- At this point, I am done with my first draft, so I upload it to the blog, and I make revisions, fix the formatting and images / links, etc.
- At the bottom of each post, I include the total number of words in the original draft of the post, the number of word errors, punctuation errors, and a few examples of mistakes. (This paragraph isnâ€™t included when I calculate the number of words in the document.)
- Sometimes, as I go through this process, I make changes to the original draft. I might change my wording, add or delete sentences, or otherwise revise my work. I do all of this tweaking in WordPress (Google Chrome) so thatâ€™s why the total number of words in the final draft might differ from the total number of words I calculate the accuracy of Dragon NaturallySpeaking.
Hereâ€™s what I donâ€™t do â€“ A few things to note:
There are a few things you can do with Dragon NaturallySpeaking, but I personally donâ€™t.
1. Even though you can control your entire computer using your voice only, I really only use Dragon NaturallySpeaking for dictation.
I would rather use my mouse and keyboard shortcuts to control the computer because I find it quicker. (Having said that, if youâ€™re using Dragon NaturallySpeaking because of a physical impairment, you should know that youâ€™re able to control your computer with just with your words.)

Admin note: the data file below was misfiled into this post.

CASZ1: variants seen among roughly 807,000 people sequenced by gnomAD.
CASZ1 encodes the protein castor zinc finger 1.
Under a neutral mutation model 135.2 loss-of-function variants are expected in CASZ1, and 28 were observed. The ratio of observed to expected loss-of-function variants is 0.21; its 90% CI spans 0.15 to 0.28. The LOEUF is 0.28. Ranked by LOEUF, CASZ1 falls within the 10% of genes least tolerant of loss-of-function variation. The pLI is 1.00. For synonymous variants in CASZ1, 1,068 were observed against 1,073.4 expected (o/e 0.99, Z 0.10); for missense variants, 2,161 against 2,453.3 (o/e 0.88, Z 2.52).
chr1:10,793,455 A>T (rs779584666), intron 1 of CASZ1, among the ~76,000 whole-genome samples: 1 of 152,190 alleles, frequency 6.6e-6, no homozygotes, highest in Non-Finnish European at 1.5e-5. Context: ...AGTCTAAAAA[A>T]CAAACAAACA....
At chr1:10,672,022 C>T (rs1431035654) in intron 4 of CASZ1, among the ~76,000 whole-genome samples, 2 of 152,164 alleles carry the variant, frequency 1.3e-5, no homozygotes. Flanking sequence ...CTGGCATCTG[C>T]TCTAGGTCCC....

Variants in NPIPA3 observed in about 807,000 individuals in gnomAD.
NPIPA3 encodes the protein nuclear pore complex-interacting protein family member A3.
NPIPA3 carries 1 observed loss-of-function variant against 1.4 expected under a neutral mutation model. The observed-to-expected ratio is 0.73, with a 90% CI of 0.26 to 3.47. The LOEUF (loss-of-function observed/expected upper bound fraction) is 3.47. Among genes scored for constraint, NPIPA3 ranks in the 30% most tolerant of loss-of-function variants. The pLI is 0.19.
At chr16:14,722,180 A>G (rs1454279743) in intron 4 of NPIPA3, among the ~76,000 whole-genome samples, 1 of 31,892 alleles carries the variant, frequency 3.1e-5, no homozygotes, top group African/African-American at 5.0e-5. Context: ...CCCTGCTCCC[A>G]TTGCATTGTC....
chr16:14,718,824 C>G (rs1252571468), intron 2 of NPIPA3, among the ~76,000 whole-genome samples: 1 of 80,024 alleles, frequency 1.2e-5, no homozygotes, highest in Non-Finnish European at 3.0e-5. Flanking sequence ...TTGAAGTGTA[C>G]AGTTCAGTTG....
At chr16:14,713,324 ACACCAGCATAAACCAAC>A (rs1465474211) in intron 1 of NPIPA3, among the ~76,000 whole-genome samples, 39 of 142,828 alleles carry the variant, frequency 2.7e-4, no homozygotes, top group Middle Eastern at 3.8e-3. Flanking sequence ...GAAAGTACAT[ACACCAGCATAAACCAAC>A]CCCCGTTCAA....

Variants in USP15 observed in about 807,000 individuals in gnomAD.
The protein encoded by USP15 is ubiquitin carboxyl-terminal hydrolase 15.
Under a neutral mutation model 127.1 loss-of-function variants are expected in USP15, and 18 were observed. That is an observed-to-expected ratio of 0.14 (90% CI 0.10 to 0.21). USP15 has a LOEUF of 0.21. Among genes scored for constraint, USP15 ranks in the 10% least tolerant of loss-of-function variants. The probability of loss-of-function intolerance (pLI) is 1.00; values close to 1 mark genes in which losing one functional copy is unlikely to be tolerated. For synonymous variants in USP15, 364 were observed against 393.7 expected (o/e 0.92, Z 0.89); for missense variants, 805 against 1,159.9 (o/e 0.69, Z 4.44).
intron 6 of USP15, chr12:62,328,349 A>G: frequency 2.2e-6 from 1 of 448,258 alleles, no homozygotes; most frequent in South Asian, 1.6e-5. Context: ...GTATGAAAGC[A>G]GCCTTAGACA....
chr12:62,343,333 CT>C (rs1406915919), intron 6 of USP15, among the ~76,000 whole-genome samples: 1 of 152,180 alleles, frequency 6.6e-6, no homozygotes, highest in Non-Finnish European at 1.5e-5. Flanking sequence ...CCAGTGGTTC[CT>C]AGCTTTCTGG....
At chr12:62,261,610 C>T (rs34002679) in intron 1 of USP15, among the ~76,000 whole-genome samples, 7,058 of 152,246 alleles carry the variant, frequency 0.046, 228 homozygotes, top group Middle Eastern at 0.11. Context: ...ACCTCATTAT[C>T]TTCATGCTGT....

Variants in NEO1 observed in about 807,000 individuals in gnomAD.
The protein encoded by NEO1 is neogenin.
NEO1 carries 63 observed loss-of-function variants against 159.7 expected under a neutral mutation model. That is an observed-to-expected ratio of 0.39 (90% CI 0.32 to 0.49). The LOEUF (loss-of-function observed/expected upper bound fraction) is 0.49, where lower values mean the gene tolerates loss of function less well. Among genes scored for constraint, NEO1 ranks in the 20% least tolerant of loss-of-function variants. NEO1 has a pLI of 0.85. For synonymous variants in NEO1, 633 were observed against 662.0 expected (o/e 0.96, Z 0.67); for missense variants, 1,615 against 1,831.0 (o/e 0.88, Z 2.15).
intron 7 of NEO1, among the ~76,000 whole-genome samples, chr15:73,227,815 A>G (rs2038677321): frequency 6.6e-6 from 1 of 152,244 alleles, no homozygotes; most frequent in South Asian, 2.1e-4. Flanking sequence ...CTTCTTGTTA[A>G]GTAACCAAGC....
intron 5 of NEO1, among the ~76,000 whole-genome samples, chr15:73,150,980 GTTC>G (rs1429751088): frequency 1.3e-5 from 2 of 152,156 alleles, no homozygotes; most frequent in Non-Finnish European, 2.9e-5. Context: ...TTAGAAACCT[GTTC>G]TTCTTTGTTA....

The keyboard shortcut that I use the most is the plus sign (+) to turn the microphone on and off.
2. Right now, Iâ€™m not using the Bluetooth wireless headset that I got with Dragon NaturallySpeaking. I use my own USB headset.
Itâ€™s pretty cool using a Bluetooth headset to talk to your computer. You feel like youâ€™re talking to a computer in Star Trek. When I first got Dragon NaturallySpeaking 11 Premium, I got the wireless version and I loved it: “pace around and do other things and our words magically appear on the screen.”
There have been a few times when Iâ€™ve been connected to my computer with my USB headset and Iâ€™ve just narrowly escaped breaking my computer when I walk away. (The phone rang, you rush to get it, crashâ€¦)
Note: On my Windows 8 machine, I have no problems with the older BT300 Calisto headset that came with Dragon NaturallySpeaking 11. But right now, when I can’t get the new enhanced bluetooth BT 300 II calisto headset to work properly.Â (You can dictate just fine, but when I try to correct mistakes with my voice, Dragon NaturallySpeaking seems to lag or hang.)
3. I donâ€™t use Dragon NaturallySpeaking to surf the net.
In fact, Iâ€™ve disabled the Dragon NaturallySpeaking plug-in for Google Chrome and Internet Explorer. I never used to have this problem, but right now, if I go to YouTube or another video site, Internet Explorer will crash and say that the Dragon NaturallySpeaking plug-in is not responding. This happens to me, even if Dragon NaturallySpeaking isnâ€™t turned on. I donâ€™t surf the net with Dragon NaturallySpeaking, so I just disabled the plug-in.
4. Right now, Iâ€™m not correcting my mistakes using the Dragon NaturallySpeaking commands.
This goes against the basic training rule I’ve heard from people who teach students to use Dragon NaturallySpeaking: the more you train Dragon by correcting your mistakes (with your voice), the more accurate Dragon NaturallySpeaking gets.